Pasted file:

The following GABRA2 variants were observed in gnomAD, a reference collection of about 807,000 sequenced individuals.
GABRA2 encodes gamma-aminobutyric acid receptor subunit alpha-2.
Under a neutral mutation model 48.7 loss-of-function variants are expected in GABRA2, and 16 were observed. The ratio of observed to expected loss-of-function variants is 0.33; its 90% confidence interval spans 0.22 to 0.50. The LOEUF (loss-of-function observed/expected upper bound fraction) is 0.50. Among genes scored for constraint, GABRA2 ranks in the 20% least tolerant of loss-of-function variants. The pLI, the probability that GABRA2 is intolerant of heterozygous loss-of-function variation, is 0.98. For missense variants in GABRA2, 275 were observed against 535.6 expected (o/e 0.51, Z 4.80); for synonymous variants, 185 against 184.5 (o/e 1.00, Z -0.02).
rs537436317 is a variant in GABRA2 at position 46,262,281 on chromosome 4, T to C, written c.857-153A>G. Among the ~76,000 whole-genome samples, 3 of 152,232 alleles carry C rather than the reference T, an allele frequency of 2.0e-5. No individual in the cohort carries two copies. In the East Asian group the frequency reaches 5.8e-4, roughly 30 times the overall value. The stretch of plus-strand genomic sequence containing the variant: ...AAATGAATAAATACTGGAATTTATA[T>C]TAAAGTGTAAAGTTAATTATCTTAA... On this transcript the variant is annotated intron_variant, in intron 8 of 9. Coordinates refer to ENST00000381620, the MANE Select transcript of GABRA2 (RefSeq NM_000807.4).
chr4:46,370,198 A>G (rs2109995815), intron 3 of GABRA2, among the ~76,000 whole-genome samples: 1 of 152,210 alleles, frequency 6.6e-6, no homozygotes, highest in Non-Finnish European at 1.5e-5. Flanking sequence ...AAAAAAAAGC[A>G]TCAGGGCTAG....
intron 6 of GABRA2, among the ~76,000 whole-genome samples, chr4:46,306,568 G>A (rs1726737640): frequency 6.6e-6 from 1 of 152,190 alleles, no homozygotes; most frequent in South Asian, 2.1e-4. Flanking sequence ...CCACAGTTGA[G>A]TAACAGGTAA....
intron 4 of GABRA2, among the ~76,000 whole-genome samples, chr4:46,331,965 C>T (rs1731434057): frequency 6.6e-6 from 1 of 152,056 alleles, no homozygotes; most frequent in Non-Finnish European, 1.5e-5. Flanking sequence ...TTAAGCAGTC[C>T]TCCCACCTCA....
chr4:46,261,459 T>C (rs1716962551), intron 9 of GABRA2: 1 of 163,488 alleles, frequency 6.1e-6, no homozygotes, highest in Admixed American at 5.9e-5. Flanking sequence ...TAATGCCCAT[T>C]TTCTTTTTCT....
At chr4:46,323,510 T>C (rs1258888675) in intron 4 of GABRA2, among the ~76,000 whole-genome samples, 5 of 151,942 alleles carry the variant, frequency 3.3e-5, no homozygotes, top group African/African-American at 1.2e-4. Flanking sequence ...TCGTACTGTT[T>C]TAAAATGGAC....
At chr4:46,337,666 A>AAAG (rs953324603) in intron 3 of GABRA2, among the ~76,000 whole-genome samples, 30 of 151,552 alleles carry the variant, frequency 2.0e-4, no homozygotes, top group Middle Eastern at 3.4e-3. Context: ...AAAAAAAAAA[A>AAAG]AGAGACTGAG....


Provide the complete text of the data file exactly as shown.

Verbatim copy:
The following GABRA2 variants were observed in gnomAD, a reference collection of about 807,000 sequenced individuals.
GABRA2 encodes gamma-aminobutyric acid receptor subunit alpha-2.
Under a neutral mutation model 48.7 loss-of-function variants are expected in GABRA2, and 16 were observed. The ratio of observed to expected loss-of-function variants is 0.33; its 90% confidence interval spans 0.22 to 0.50. The LOEUF (loss-of-function observed/expected upper bound fraction) is 0.50. Among genes scored for constraint, GABRA2 ranks in the 20% least tolerant of loss-of-function variants. The pLI, the probability that GABRA2 is intolerant of heterozygous loss-of-function variation, is 0.98. For missense variants in GABRA2, 275 were observed against 535.6 expected (o/e 0.51, Z 4.80); for synonymous variants, 185 against 184.5 (o/e 1.00, Z -0.02).
rs537436317 is a variant in GABRA2 at position 46,262,281 on chromosome 4, T to C, written c.857-153A>G. Among the ~76,000 whole-genome samples, 3 of 152,232 alleles carry C rather than the reference T, an allele frequency of 2.0e-5. No individual in the cohort carries two copies. In the East Asian group the frequency reaches 5.8e-4, roughly 30 times the overall value. The stretch of plus-strand genomic sequence containing the variant: ...AAATGAATAAATACTGGAATTTATA[T>C]TAAAGTGTAAAGTTAATTATCTTAA... On this transcript the variant is annotated intron_variant, in intron 8 of 9. Coordinates refer to ENST00000381620, the MANE Select transcript of GABRA2 (RefSeq NM_000807.4).
chr4:46,370,198 A>G (rs2109995815), intron 3 of GABRA2, among the ~76,000 whole-genome samples: 1 of 152,210 alleles, frequency 6.6e-6, no homozygotes, highest in Non-Finnish European at 1.5e-5. Flanking sequence ...AAAAAAAAGC[A>G]TCAGGGCTAG....
intron 6 of GABRA2, among the ~76,000 whole-genome samples, chr4:46,306,568 G>A (rs1726737640): frequency 6.6e-6 from 1 of 152,190 alleles, no homozygotes; most frequent in South Asian, 2.1e-4. Flanking sequence ...CCACAGTTGA[G>A]TAACAGGTAA....
intron 4 of GABRA2, among the ~76,000 whole-genome samples, chr4:46,331,965 C>T (rs1731434057): frequency 6.6e-6 from 1 of 152,056 alleles, no homozygotes; most frequent in Non-Finnish European, 1.5e-5. Flanking sequence ...TTAAGCAGTC[C>T]TCCCACCTCA....
chr4:46,261,459 T>C (rs1716962551), intron 9 of GABRA2: 1 of 163,488 alleles, frequency 6.1e-6, no homozygotes, highest in Admixed American at 5.9e-5. Flanking sequence ...TAATGCCCAT[T>C]TTCTTTTTCT....
At chr4:46,323,510 T>C (rs1258888675) in intron 4 of GABRA2, among the ~76,000 whole-genome samples, 5 of 151,942 alleles carry the variant, frequency 3.3e-5, no homozygotes, top group African/African-American at 1.2e-4. Flanking sequence ...TCGTACTGTT[T>C]TAAAATGGAC....
At chr4:46,337,666 A>AAAG (rs953324603) in intron 3 of GABRA2, among the ~76,000 whole-genome samples, 30 of 151,552 alleles carry the variant, frequency 2.0e-4, no homozygotes, top group Middle Eastern at 3.4e-3. Context: ...AAAAAAAAAA[A>AAAG]AGAGACTGAG....